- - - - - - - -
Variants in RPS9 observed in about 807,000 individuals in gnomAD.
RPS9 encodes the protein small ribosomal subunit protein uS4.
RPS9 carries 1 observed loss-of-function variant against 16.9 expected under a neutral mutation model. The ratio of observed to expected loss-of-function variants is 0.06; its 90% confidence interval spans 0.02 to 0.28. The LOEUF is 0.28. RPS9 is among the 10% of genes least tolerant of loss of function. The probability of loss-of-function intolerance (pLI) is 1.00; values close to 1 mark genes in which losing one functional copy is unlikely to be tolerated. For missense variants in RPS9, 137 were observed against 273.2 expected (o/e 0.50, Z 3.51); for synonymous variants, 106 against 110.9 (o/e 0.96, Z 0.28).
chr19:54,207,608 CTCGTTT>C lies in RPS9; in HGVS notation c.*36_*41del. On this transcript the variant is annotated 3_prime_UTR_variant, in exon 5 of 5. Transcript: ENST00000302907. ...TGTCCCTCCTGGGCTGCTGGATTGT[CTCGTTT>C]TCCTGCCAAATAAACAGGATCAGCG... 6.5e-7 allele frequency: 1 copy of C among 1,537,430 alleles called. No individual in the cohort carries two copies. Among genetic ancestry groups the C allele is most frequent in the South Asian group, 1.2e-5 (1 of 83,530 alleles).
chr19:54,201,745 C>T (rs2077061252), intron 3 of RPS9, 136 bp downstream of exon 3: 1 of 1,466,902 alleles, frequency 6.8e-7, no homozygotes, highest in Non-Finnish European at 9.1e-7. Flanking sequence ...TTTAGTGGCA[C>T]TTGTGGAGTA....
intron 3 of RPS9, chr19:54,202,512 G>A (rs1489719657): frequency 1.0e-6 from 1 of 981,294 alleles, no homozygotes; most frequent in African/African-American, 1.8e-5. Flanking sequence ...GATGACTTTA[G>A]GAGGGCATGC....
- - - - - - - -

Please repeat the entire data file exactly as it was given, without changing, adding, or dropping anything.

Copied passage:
Variants in RPS9 observed in about 807,000 individuals in gnomAD.
RPS9 encodes the protein small ribosomal subunit protein uS4.
RPS9 carries 1 observed loss-of-function variant against 16.9 expected under a neutral mutation model. The ratio of observed to expected loss-of-function variants is 0.06; its 90% confidence interval spans 0.02 to 0.28. The LOEUF is 0.28. RPS9 is among the 10% of genes least tolerant of loss of function. The probability of loss-of-function intolerance (pLI) is 1.00; values close to 1 mark genes in which losing one functional copy is unlikely to be tolerated. For missense variants in RPS9, 137 were observed against 273.2 expected (o/e 0.50, Z 3.51); for synonymous variants, 106 against 110.9 (o/e 0.96, Z 0.28).
chr19:54,207,608 CTCGTTT>C lies in RPS9; in HGVS notation c.*36_*41del. On this transcript the variant is annotated 3_prime_UTR_variant, in exon 5 of 5. Transcript: ENST00000302907. ...TGTCCCTCCTGGGCTGCTGGATTGT[CTCGTTT>C]TCCTGCCAAATAAACAGGATCAGCG... 6.5e-7 allele frequency: 1 copy of C among 1,537,430 alleles called. No individual in the cohort carries two copies. Among genetic ancestry groups the C allele is most frequent in the South Asian group, 1.2e-5 (1 of 83,530 alleles).
chr19:54,201,745 C>T (rs2077061252), intron 3 of RPS9, 136 bp downstream of exon 3: 1 of 1,466,902 alleles, frequency 6.8e-7, no homozygotes, highest in Non-Finnish European at 9.1e-7. Flanking sequence ...TTTAGTGGCA[C>T]TTGTGGAGTA....
intron 3 of RPS9, chr19:54,202,512 G>A (rs1489719657): frequency 1.0e-6 from 1 of 981,294 alleles, no homozygotes; most frequent in African/African-American, 1.8e-5. Flanking sequence ...GATGACTTTA[G>A]GAGGGCATGC....